Global Water Intelligence has announced the theme for the 11th Annual Global Water Summit. “Intelligent Synergies” will be the focal point of...
There is hardly any need to bring up U.S. Environmental Protection Agency estimates of the billions of dollars needed to repair, replace or upgrade the nation's aging infrastructure. Add to this the need to accommodate a growing population, meet new water quality standards and—oh, why not—let's sprinkle a little bit of water shortage and climate change issues on top, and you will end up with a pretty dire situation.
For the most part, local water and wastewater utilities are supported primarily through user charges. According to a 2002 U.S. General Accounting Office report on water infrastructure funding, for more than 25% of water utilities and more than 40% of wastewater utilities, user charges and other local sources of revenue were not enough to cover the full cost of providing a service—including operation and maintenance, debt service, depreciation and taxes. Additionally, while revenue from user charges was adequate to cover at least operation and maintenance costs for nearly all of the utilities surveyed, approximately 29% deferred maintenance due to insufficient funding. Little has changed since these results were released back in 2002.
As a result, utilities today continuously are turning to financial assistance from federal and state programs. Unfortunately, finding financial assistance for the design and construction of water and wastewater projects these days is like finding a needle in a haystack—and financing is about to get more difficult.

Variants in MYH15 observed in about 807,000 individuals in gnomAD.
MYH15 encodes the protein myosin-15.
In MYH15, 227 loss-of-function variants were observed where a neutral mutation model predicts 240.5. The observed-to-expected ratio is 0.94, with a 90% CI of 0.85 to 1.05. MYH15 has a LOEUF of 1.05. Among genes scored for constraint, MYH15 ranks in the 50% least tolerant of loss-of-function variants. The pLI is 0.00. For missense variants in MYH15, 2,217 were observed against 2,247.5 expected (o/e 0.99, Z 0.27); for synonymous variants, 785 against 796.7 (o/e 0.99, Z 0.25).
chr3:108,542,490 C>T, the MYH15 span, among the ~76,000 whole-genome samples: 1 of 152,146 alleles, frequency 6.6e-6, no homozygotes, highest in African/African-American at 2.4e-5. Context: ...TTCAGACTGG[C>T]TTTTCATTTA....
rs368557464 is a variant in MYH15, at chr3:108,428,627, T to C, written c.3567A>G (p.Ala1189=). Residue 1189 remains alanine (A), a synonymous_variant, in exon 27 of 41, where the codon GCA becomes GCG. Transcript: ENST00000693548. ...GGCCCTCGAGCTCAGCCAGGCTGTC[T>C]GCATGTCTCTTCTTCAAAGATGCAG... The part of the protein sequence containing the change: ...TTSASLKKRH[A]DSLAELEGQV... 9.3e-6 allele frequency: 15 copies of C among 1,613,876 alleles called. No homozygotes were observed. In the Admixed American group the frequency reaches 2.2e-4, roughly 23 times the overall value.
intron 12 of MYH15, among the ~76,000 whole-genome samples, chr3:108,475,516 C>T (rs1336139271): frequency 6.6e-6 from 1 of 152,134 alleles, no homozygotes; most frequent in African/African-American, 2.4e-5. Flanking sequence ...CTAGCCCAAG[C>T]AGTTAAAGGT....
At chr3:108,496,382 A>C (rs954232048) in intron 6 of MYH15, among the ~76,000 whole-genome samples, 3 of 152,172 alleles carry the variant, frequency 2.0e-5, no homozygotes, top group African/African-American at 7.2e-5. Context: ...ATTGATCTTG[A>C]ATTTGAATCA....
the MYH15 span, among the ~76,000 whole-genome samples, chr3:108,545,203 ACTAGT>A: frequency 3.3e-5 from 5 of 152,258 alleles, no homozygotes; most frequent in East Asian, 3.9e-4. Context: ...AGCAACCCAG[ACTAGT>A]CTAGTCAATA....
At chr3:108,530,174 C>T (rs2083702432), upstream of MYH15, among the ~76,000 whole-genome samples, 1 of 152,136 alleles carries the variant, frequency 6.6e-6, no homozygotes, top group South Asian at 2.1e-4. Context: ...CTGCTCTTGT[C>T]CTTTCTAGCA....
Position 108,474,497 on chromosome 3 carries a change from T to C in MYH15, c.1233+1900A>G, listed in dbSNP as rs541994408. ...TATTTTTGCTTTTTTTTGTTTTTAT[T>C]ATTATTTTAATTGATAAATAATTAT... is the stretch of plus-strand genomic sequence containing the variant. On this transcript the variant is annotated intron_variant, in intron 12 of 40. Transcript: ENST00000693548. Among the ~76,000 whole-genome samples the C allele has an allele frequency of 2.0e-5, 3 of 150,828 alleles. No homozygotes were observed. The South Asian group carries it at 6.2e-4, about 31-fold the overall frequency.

As we prepare this month's issue of Water & Wastes Digest for print, the U.S. government is trying to avoid the nation's first-ever financial default by reaching a compromise to raise the national debt ceiling.
In order to bandage this looming debt crisis, Congress will have to make some deep cuts to various spending programs. So whether this leads to slashing Social Security and Medicare, financial aid for college students, farm subsidies or tax increases, one thing is certain: The pool of financial assistance to fix, upgrade or build water and wastewater systems is about to get a lot smaller. Spending cuts will be especially painful to states that depend heavily on federal funding.
But what are the alternatives? Are water and wastewater utilities going to stop operating? Are they going to stop delivering clean and safe water while protecting public health and the environment? The answer is most certainly not.
Drinking water systems and wastewater collection and treatment are critical. Yet, the cost of water supply and sanitation services remains a bargain.
In 2008, an annual survey of 51 water systems located throughout the country conducted by the NUS Consulting Group found that the average price of water in the U.S. jumped by 7.3%. And since 2003, average surveyed water prices in the U.S. have increased by almost 30%.
While these percentage rates may look steep, the actual cost in dollars reveals a different angle. According to the survey, the highest price paid was in Boston at $5.76 per 1,000 gal, while consumers in Savannah, Ga., enjoyed the lowest water price at $1.09 per 1,000 gal.
I choose not to make a big argument about whether or not water and sewer services are priced adequately. Instead I ask you to do the math: Can a utility cover its rehabilitation and replacement issues by charging its customers just over a half a cent per gallon; how about a cent a gallon?